Bots, billions and breaches: Cybersecurity by the numbers
This feature is part of a series focused exclusively on cybersecurity. To view other posts in the series, check out the spotlight page.
Looking back 10 years, it’s impressive to see how far businesses have come with technology. Just about any required service, data or information can be found online.
But with that convenience and access comes a downside: more hackers than ever are cracking systems many thought were bullet proof, looking to creatively trick users into revealing data that can open the doors to the kingdom.
There is perhaps no better way to get a sense of the problem than by looking at the numbers. The cybersecurity industry is far more than ones and zeros. The following are some of the numbers defining enterprise security, providing a better sense of what organizations are dealing with and where companies across sectors are headed when it comes to cybersecurity.4,281,795,808
The number of records exposed in 2016.
Last year, there were 4,149 breaches reported leading to a record number of exposed records, according to a report from Risk Based Security. In fact, the number of records breached in 2016 dwarfed the previous all-time high, reached in 2013, by almost 3.2 billion.
What sets 2016 apart is the severity of just a handful of breaches. The top 10 most severe breaches accounted for 71% of the total number of records exposed, compromising everything from passwords and email addresses to birth dates. Yahoo had the top two most severe breaches, followed by FriendFinder and MySpace.$25,000
The FTC’s reward for helping to secure the Internet of Things.
The Federal Trade Commission is offering $25,000 to anyone who can help it come up with a solution to combat Internet of Things (IoT) security vulnerabilities. Hackers are now harnessing IoT to launch massive botnet attacks. Recognizing the scope of the potential threat, the FTC is asking for the public’s help through its IoT Home Inspector Challenge. Submissions are due by May 22 and winners will be revealed in July.1 TBps
The largest DDoS attack of 2016.
In 2016, the internet witnessed the largest DDoS attacks on record, propelled by compromised botnets that could be unleashed to disrupt services. Radware predicts that the cybersecurity sector is entering the “1TBps DDoS era” where attacks will continue to become more sophisticated and damaging.
The largest attack last year hit the French web hosting firm OVH in September, using the Mirai botnet, which had its source code made public shortly after the attack, according to Radware. In October, Mirai was used to attack the DNS provider Dyn, disrupting internet service on the East Coast of the U.S.$101.6 billion
The amount of revenue expected from security-related spending by 2020.
Enterprise security-related spending on hardware, software and services is expected to skyrocket worldwide. Last year, the industry earned just $73.7 billion in revenue. Spending on security products is growing at twice the rate of overall IT spending growth, according to IDC.
Security services are projected to be the largest category of investment, accounting for nearly 45% of all security spending worldwide in 2016. In particular, managed security services will generate the most revenue, forecast to reach $13 billion this year.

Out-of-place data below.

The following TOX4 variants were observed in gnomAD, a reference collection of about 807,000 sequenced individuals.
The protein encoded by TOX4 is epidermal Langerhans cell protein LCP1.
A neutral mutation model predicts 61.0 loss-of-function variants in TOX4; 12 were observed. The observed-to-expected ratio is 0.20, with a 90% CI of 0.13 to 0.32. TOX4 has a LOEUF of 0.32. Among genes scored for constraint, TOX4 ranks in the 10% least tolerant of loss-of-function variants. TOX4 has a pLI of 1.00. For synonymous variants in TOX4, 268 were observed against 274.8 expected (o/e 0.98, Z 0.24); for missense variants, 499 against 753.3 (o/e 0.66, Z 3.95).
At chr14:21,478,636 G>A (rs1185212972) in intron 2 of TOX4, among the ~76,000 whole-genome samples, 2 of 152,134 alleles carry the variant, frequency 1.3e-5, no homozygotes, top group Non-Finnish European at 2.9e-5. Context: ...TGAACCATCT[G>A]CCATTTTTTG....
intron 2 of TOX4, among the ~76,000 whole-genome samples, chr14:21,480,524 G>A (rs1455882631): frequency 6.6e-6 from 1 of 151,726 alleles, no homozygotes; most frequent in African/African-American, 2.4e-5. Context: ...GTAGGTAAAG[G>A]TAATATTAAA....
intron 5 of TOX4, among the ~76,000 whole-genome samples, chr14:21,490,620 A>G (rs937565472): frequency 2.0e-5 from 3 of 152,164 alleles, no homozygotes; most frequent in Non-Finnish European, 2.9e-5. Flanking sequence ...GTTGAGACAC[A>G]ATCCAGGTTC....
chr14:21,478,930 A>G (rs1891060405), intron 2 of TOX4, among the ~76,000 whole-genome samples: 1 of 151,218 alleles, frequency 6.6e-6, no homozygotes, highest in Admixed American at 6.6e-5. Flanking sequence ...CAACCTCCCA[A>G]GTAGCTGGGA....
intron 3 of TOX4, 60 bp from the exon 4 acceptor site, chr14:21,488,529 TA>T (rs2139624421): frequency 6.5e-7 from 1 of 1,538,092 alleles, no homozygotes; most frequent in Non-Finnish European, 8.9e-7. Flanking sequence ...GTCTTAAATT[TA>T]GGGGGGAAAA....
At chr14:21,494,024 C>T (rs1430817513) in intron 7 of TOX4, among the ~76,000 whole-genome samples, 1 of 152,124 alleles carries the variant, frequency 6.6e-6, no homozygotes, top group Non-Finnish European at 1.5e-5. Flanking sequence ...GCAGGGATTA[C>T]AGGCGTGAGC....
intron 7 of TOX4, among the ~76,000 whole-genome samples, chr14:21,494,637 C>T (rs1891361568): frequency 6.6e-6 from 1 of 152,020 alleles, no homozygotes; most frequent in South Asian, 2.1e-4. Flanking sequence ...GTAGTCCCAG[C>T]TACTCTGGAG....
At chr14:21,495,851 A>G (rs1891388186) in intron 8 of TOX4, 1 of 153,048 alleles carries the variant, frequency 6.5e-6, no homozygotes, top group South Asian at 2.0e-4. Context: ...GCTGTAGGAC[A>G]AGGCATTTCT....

Among industries, banking, discrete manufacturing, federal/central government and process manufacturing will be the biggest spenders on IT security over the next five years, accounting for 37% of worldwide security revenues in 2016. Meanwhile, healthcare will see the fastest growth in security investments.123456
The most commonly used password of 2016.
Despite continuous warnings about the importance of password security, almost 17% of computer users used the password "123456" in 2016, according a report from Keeper Security. The second most popular password of 2016 was not much better: "123456789." Other commonly-used passwords included "qwerty," "google," "1q2w3e4r" and "666666."$6
The amount required to buy access to a hacked server.
For a bargain price, anyone can buy credentials for one of 70,000 hacked servers on xDedic, an underground marketplace, according to the Kaspersky Lab Threat Review for 2016. Per the report, the underground economy for stolen credentials is bigger and more sophisticated than ever before.97.25%
The amount of phishing emails containing a form of ransomware in Q3.
In the third quarter of 2016, all but 2.75% of phishing emails contained ransomware, up from 92% in Q1 of 2016, according to a report from PhishMe. Locky encryption ransomware continues to lead the pack, demonstrating “adaptability and longevity” and it introduced a number of techniques to resist detection during the infection process, according to the report.$1 billion
The amount of money paid to ransomware in 2016.
The ransomware industry boomed in 2016, and is expected to generate $1 billion, up from $24 million in 2015. The average ransom demanded last year also went up, from about $295 at the end of 2015 to $679 is 2016, according to a report from Symantec.
Ransomware is easy to deploy and has a high ROI, so criminals are flocking to it. And, almost anyone can purchase ransomware kits and start pumping ransomware out almost immediately, providing very few barriers to entry. All this means ransomware is likely to continue growing, and businesses must be vigilant to prevent becoming victims.
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